November 22d, Templeton, account of smallpox.
November 24th, Guilford, account of typhoid.
November 25th, Lebanon, account of smallpox.
November 28th, Milltown, account of lecture.
December 5th, New Orleans, to attend the annual meeting

of the American Public Health Association. Full detailed accounts of these visits are appended.

November 1st, Parker City.—In answer to a telephone message from the chairman of the town board of Parker City, seconded by the health officer, Dr. A. G. Rogers, I visited the said town on November 1st. Smallpox had broken out there and the usual conditions existed, namely, some physicians denied it was smallpox and others contended that it was. I saw three cases of typical smallpox, one of them extra severe. The town board was called together and I instructed them, as usual, in their duties and the law. They promised prompt action would be taken, and I know that energetic work has been done. Free vaccination was offered and a special health order covering the situation was passed.

November 8th, Fairmount.—I received a telephone message from the health officer of Fairmount on November 7th, requesting

2 Bd. of Health.

re

the aid of the State Board of Ilealth on account of smallpox. I accordingly went to Fairmount on November 8th, and upon investigation found that smallpox in mild form had prevailed there for at least two months. At the time of my visit it was more virulent, and it was this fact that caused the alarm. The usual instructions were given to the town board, which was very much interested, and which promised to take prompt action. Free vaccination was offered. I have learned since that the disease was completely extinguished for a while, but has reappeared among the unvaccinated.

November 27th, Templeton.—A telephone message was ceived from Templeton from the health officer, saying he was in trouble, because he knew full well that smallpox existed, but he was the only physician in the town that diagnosed the disease as smallpox. He feared unless he got the aid of the State Board of Health that the people would not take the proper precautions. Accordingly, on November 22d I went to Templeton and with the town health officer visited the case in question. There was no doubt about it being smallpox, and so the fact was announced. The town board met and I addressed them upon the situation, making the usual recommendations, all of which were adopted. Two cases appeared afterward in the patient's family, but no other cases so far have been reported.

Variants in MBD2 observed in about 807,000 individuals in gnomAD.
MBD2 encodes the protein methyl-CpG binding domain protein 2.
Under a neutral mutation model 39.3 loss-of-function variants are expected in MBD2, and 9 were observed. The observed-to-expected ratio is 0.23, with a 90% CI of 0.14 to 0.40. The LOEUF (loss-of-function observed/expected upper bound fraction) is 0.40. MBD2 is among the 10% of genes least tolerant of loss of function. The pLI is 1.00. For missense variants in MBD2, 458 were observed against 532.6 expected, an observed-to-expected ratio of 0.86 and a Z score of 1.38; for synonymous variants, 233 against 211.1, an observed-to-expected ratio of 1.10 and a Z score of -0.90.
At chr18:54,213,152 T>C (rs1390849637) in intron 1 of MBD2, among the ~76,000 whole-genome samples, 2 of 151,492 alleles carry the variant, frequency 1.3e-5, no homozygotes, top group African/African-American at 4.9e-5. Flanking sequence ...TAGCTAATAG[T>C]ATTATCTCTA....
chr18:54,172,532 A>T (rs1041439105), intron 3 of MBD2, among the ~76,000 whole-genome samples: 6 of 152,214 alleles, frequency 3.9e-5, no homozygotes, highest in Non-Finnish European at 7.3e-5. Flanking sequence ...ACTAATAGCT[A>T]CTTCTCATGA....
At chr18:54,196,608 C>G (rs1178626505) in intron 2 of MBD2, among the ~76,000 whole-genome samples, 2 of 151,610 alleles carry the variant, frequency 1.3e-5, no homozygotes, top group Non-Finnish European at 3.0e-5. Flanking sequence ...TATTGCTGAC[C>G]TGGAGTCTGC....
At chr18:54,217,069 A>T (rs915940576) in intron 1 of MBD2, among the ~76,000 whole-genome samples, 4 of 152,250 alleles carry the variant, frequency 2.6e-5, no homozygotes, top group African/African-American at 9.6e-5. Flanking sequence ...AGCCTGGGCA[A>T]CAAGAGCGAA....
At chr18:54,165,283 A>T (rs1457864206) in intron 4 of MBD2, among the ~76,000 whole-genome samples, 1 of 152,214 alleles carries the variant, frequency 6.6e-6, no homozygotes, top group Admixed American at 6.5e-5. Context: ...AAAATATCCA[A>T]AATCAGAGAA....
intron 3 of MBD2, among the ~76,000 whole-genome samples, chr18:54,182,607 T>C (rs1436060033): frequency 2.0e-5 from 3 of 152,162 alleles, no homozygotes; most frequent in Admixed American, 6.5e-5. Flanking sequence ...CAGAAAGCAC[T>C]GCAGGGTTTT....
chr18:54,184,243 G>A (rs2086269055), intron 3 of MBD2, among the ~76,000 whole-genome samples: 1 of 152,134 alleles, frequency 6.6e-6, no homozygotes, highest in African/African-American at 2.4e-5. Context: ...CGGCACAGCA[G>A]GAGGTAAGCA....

November 24th, Guilford.-On November 24th, upon solicitation of Dr. W. A. Schooley, a resident of Guilford, and upon solicitation of Dr. Fagaly, health officer of Dearborn County, I visited Guilford. The cause of the visit was typhoid fever. Guilford is a town of about 300 inhabitants, in the northern part of Dearborn County. It is situated on a hillside. The first case appeared there August 23d. Frank Elliott, a telegrapher, came home sick, his parents living at Guilford. The case was first diagnosed malaria, and no precautions were taken to disinfect the dejecta. For this reason it is supposed the well became infected, as it very likely could be, from the location of the vault and the well. Water was carried by neighbors from this well for household use, and it is supposed by that means the disease was distributed over the town. Dr. Schooley himself came down on the 18th of September, and at the time of my visit there were six cases in his family. His own well had become infected. Thirty-one school